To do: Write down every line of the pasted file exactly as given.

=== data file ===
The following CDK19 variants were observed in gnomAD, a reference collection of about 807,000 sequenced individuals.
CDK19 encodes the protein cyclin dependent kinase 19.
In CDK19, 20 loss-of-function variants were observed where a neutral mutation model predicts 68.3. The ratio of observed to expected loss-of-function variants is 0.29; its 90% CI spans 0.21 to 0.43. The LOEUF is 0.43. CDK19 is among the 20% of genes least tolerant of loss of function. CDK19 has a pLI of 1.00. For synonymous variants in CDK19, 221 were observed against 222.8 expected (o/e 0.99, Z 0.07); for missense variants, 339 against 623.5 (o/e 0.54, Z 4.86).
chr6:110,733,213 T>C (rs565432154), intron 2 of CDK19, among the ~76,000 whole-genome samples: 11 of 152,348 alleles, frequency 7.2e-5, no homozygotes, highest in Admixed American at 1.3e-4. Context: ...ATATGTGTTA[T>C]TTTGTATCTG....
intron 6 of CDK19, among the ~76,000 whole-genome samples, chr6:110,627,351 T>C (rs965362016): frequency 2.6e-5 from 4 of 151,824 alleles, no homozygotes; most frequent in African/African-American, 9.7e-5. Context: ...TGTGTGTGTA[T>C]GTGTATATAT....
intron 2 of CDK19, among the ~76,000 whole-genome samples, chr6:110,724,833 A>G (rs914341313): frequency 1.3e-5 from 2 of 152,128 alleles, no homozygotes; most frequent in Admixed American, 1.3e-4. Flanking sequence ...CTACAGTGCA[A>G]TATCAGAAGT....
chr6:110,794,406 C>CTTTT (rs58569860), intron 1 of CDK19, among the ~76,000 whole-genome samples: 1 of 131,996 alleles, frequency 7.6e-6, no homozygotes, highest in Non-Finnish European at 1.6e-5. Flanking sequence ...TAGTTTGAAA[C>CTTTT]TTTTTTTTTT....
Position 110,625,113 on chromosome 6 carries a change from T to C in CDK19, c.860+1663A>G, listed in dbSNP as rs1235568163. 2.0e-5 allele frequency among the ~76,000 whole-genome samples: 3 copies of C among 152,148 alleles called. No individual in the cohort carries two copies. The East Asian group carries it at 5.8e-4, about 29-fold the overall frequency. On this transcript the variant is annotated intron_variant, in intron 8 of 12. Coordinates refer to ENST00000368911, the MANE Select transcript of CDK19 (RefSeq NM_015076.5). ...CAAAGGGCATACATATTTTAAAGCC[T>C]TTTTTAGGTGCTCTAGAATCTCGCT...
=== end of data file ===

The following CDK19 variants were observed in gnomAD, a reference collection of about 807,000 sequenced individuals.
CDK19 encodes the protein cyclin dependent kinase 19.
In CDK19, 20 loss-of-function variants were observed where a neutral mutation model predicts 68.3. The ratio of observed to expected loss-of-function variants is 0.29; its 90% CI spans 0.21 to 0.43. The LOEUF is 0.43. CDK19 is among the 20% of genes least tolerant of loss of function. CDK19 has a pLI of 1.00. For synonymous variants in CDK19, 221 were observed against 222.8 expected (o/e 0.99, Z 0.07); for missense variants, 339 against 623.5 (o/e 0.54, Z 4.86).
chr6:110,733,213 T>C (rs565432154), intron 2 of CDK19, among the ~76,000 whole-genome samples: 11 of 152,348 alleles, frequency 7.2e-5, no homozygotes, highest in Admixed American at 1.3e-4. Context: ...ATATGTGTTA[T>C]TTTGTATCTG....
intron 6 of CDK19, among the ~76,000 whole-genome samples, chr6:110,627,351 T>C (rs965362016): frequency 2.6e-5 from 4 of 151,824 alleles, no homozygotes; most frequent in African/African-American, 9.7e-5. Context: ...TGTGTGTGTA[T>C]GTGTATATAT....
intron 2 of CDK19, among the ~76,000 whole-genome samples, chr6:110,724,833 A>G (rs914341313): frequency 1.3e-5 from 2 of 152,128 alleles, no homozygotes; most frequent in Admixed American, 1.3e-4. Flanking sequence ...CTACAGTGCA[A>G]TATCAGAAGT....
chr6:110,794,406 C>CTTTT (rs58569860), intron 1 of CDK19, among the ~76,000 whole-genome samples: 1 of 131,996 alleles, frequency 7.6e-6, no homozygotes, highest in Non-Finnish European at 1.6e-5. Flanking sequence ...TAGTTTGAAA[C>CTTTT]TTTTTTTTTT....
Position 110,625,113 on chromosome 6 carries a change from T to C in CDK19, c.860+1663A>G, listed in dbSNP as rs1235568163. 2.0e-5 allele frequency among the ~76,000 whole-genome samples: 3 copies of C among 152,148 alleles called. No individual in the cohort carries two copies. The East Asian group carries it at 5.8e-4, about 29-fold the overall frequency. On this transcript the variant is annotated intron_variant, in intron 8 of 12. Coordinates refer to ENST00000368911, the MANE Select transcript of CDK19 (RefSeq NM_015076.5). ...CAAAGGGCATACATATTTTAAAGCC[T>C]TTTTTAGGTGCTCTAGAATCTCGCT...